More Information on Wills
A Last Will and Testament is one of the important documents of a good estate plan. A will is a document that all adults should have regardless of age. A will is a legal document which is witnessed by two disinterested parties and directs the distribution of your assets after your death. The execution of a valid Will assures you that your assets will be distributed to your loved ones in accordance with your wishes and you will also designate an Executor who will oversee the administration of your estate.
If you have no Will at your death then the state will decide who will receive your assets. This may or may not be consistent with your true wishes. Under state law it is possible that you could have substantial assets going to a relative for whom you have little affection or regard. Additionally, the Court will also decide for you which of your heirs should administer the estate. Again this may not be the person you would choose to handle your affairs.
A Will is a very technical document and should only be prepared by a qualified attorney. Errors can result in the Will being disallowed and your wishes therefore ignored
There are several issues that must be considered by you and a qualified attorney when preparing this document including the following:
- Are there specific items that you wish to give to one or more individuals
- To Whom do you want the remainder of your assets to be distributed to and how should it be divided? (i.e. equally or by percentage)
- If any of the primary beneficiaries should predecease you how should their shares be divided?
- Are there any individuals who you wish to be beneficiaries who might be disabled?
- Who should be in charge of your estate and also who would be a back up in case your primary executor predeceases you?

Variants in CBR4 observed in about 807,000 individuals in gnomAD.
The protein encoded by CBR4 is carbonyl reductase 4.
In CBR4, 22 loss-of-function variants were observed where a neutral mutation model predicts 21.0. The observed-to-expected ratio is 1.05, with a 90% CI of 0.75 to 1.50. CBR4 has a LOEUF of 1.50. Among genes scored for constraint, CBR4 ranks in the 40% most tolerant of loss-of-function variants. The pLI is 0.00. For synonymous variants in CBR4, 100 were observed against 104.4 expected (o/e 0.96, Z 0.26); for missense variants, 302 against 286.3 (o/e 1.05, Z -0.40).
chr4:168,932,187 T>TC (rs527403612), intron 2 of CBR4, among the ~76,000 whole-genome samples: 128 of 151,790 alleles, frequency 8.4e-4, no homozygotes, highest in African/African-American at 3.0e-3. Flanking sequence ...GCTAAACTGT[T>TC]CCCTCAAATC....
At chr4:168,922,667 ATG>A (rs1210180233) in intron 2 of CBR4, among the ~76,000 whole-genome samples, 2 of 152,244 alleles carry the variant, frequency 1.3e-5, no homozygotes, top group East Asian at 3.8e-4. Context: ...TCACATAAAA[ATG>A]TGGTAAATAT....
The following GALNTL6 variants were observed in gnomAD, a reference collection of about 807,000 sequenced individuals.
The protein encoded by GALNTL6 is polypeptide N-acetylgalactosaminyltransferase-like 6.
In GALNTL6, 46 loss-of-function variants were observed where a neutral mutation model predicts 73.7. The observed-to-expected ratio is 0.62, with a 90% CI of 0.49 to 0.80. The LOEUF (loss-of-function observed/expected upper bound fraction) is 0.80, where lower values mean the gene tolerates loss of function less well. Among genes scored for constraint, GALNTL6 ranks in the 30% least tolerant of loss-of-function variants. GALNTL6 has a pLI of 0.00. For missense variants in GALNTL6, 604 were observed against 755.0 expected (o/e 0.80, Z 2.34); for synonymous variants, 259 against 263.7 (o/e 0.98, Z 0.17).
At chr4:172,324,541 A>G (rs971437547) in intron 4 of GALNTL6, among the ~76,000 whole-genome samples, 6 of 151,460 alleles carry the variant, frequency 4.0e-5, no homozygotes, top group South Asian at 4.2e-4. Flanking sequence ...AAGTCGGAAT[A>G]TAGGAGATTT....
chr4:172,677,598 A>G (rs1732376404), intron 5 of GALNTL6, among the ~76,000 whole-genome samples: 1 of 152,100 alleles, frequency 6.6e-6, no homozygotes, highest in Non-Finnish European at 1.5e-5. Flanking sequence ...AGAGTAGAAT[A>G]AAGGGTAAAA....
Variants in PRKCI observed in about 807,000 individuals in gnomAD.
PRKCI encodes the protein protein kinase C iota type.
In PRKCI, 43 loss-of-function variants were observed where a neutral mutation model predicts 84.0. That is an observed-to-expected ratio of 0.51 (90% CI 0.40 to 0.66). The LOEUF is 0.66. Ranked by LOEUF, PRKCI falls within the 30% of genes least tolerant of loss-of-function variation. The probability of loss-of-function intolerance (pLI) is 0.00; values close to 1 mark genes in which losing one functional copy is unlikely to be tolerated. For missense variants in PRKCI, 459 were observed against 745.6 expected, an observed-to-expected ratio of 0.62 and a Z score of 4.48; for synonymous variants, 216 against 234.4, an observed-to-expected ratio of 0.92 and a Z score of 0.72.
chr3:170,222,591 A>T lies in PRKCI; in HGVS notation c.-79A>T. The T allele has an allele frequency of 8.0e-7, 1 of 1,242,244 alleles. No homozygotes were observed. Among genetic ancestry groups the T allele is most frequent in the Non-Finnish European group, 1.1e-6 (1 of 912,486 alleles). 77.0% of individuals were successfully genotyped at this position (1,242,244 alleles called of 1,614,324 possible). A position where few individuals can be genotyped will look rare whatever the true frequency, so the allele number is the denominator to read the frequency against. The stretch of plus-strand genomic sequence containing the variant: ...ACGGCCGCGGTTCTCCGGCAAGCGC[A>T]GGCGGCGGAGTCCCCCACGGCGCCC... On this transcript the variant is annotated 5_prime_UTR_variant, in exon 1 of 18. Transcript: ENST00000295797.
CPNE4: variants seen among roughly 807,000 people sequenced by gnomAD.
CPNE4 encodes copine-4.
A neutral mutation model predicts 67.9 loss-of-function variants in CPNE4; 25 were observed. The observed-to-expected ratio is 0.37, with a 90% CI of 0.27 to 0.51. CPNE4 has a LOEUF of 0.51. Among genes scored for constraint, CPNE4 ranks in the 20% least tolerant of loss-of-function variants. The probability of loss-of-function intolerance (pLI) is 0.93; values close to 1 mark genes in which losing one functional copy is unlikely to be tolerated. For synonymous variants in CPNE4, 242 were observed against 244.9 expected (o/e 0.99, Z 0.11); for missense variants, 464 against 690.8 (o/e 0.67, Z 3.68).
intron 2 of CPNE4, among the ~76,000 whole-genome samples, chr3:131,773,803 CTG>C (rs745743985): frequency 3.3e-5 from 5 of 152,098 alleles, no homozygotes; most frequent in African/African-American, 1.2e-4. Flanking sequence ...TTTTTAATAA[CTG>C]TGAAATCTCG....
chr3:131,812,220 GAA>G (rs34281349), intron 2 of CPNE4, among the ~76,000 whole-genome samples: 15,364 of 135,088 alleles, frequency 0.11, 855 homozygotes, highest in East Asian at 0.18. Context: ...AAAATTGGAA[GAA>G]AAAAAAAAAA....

- If you have minor children, who should be named their guardian in your absence and how should you make sure they will be taken care of financially.
There is a major misconception that only older individuals need to worry about having a will, however, if you are a younger individual and have minor children then it is important to have a will to designate a guardian. This is extremely important as all families are different and if there is no will or the will does not name a guardian then a proceeding is required in the court and the court will decide who would be an appropriate guardian for your child. By not preparing for this the outcome could be much different then you might have wanted.
A second item that should be included in a will executed by a younger individual with minor children is the distribution of your assets to these children if minors at the time of your death. In an effective will, the distribution of assets is usually to a testamentary trust for the benefit of your child or children. The will designates an individual who will be the trustee of the trust and will be in charge of making financial decisions on behalf of your children. Most trusts give discretionary powers such that the trustee can decide when money should be given to the minor depending on the situation at the time. At some point, usually around 25 years of age the trust will end and the remainder will be distributed to the children. If you do not have a will that addresses these issues, then the court will decide these for you.
These are just some of the issues that should be considered when meeting with a qualified elder law attorney. All families and circumstances are different and should be considered on an individual basis.